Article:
Germany has a submarine problem. During a test dive in October, Deutsche Marine’s U-35 hit something (probably a rock) with one of its four “X-rudders”, the steering planes on its rear fins. The damage required the submarine to be towed back to a shipyard in Kiel for repairs—where it joined three other German submarines currently lying dry. It’s U-35 Deutsche Marine’s only operational submarine before the accident. The rest of the German fleet was in port at the German shipyard at Eckernförde—waiting for the dry docks at Kiel to open.
Germany has a total of six submarines, all in all Type 212 class. These “hybrid” units—also operated by the Italian navy—are powered by a combination of nine diesel engines Proton exchange fuel cells (PEM).. They are among the quietest, most non-destructive cruise ships in the world. Because their fuel cells are “air independent propulsion“(AIP), these can work submerged for weeks without surfacing. And since the PEM cell “engines” have no moving parts other than the electric power screws, they are incredibly stealthy when submerged. They also can operate in water as shallow as 17 meters deep (55 feet), making them ideal for patrolling the waters of the Baltic.
But because of that backlogs are fixed and a series of unfortunate events, only two of the Type 212 class are not under current modifications—and are not ready for service:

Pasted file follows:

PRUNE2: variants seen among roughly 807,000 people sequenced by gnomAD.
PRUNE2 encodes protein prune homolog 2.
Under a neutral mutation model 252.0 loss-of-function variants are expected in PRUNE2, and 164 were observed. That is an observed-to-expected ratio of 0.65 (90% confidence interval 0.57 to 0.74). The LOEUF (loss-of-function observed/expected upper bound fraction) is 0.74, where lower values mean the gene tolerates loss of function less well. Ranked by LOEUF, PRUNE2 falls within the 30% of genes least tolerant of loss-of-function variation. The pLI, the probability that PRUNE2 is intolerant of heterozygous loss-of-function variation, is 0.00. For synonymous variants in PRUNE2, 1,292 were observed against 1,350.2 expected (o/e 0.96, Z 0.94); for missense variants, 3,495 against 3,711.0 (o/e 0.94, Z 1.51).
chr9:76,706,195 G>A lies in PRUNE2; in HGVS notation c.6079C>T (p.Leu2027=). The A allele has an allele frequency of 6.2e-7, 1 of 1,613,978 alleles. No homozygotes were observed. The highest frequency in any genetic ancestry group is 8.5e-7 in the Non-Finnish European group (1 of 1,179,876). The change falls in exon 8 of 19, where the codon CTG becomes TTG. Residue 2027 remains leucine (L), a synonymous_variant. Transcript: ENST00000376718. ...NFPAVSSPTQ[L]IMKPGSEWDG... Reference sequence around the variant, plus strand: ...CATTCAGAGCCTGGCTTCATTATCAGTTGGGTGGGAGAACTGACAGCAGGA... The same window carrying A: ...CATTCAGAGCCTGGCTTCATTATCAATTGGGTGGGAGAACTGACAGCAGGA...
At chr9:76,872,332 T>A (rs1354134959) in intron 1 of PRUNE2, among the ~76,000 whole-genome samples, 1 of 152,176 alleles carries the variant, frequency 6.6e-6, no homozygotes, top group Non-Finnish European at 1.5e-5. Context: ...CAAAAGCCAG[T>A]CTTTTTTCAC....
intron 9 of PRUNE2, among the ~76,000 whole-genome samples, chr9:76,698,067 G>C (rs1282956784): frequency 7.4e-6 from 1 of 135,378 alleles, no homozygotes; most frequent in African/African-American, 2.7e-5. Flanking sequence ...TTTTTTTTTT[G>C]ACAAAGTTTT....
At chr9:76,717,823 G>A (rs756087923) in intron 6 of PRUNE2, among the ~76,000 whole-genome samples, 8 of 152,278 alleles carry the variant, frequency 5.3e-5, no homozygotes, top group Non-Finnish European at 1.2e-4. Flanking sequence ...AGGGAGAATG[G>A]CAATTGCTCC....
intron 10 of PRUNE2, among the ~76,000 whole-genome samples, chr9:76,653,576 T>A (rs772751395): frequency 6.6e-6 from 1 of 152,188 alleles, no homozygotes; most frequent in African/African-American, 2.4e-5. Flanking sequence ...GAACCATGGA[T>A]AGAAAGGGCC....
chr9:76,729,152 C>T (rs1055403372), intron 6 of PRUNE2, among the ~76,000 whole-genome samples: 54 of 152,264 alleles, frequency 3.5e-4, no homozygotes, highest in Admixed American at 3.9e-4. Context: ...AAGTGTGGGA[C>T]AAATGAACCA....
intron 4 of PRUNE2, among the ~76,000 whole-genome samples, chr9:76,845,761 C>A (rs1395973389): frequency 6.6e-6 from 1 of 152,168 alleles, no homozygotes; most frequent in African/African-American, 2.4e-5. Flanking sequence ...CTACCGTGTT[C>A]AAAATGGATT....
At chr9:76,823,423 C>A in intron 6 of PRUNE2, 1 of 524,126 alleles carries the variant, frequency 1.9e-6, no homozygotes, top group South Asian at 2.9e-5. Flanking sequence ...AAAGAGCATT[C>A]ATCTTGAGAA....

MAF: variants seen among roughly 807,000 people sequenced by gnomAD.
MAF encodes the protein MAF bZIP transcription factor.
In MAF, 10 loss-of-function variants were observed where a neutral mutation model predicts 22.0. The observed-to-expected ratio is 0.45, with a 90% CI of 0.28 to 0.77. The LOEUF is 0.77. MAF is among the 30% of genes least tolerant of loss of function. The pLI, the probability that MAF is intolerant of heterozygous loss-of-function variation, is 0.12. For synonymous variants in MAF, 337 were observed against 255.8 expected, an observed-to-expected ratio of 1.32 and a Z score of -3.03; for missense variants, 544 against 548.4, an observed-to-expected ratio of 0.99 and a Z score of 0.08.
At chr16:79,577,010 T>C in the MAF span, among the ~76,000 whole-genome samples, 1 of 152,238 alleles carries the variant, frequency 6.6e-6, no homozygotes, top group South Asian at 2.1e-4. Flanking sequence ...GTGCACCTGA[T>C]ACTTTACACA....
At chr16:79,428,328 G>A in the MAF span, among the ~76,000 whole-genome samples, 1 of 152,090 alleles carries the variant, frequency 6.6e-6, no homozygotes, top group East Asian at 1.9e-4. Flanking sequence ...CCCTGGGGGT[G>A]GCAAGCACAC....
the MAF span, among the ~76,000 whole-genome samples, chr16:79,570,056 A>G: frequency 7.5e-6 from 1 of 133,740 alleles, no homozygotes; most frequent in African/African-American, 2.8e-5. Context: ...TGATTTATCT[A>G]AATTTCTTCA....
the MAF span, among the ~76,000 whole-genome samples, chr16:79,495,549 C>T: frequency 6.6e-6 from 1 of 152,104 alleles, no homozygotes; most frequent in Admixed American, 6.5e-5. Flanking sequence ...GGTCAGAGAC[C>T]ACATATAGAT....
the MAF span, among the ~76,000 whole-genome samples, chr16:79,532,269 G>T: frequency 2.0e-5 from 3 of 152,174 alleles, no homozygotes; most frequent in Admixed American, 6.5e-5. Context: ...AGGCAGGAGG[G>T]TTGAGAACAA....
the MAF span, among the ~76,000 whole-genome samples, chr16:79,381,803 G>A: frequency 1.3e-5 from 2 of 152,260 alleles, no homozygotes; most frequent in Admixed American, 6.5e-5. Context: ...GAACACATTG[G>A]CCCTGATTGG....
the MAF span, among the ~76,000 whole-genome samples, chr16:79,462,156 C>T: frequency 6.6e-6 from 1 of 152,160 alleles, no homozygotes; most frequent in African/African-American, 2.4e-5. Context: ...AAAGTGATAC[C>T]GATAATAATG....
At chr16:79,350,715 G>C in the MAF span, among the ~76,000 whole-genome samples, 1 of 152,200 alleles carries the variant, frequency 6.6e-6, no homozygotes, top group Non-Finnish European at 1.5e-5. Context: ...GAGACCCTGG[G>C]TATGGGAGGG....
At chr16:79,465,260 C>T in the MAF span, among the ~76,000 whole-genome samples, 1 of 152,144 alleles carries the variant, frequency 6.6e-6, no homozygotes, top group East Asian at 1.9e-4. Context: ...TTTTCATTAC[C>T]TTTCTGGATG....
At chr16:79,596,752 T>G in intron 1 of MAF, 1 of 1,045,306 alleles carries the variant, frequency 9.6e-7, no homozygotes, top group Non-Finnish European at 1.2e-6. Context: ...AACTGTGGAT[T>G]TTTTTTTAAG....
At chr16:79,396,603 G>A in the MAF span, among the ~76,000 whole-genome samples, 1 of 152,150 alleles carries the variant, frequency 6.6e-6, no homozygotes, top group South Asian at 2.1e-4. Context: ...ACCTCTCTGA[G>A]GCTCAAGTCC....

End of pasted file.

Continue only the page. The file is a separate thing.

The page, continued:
- U-31, the leader of the class—launched in 2002—is out of critical care and has a year’s worth of tests before returning to service. He has been out of work since 2014.
- U-32 suffered a battery damage on the voyage to Norway.
- U-33 is in the Kiel shipyard for maintenance until February of 2018 and will not be back in service until May or June.
- U-34 is due to start a yard season in Kiel in January, and it is not certain when it will return to service.
- The U-36, a new submarine built for Deutsche Marine, was completed a year ago, but is still undergoing acceptance tests and is not expected to be fully operational until May of 2018.
The reason for the backlash: a shortage of spare parts made worse by cuts made to Deutsche Marine’s budget. To save money, the service stopped maintaining reserves for its components’ complex systems, relying on either buying parts on demand or being out-of-service subscribers—much like the US Navy had to do as a result of budget allocation over the past four years.
As a result, the entire German submarine operation is essentially sitting on its hands through at least the first half of 2018.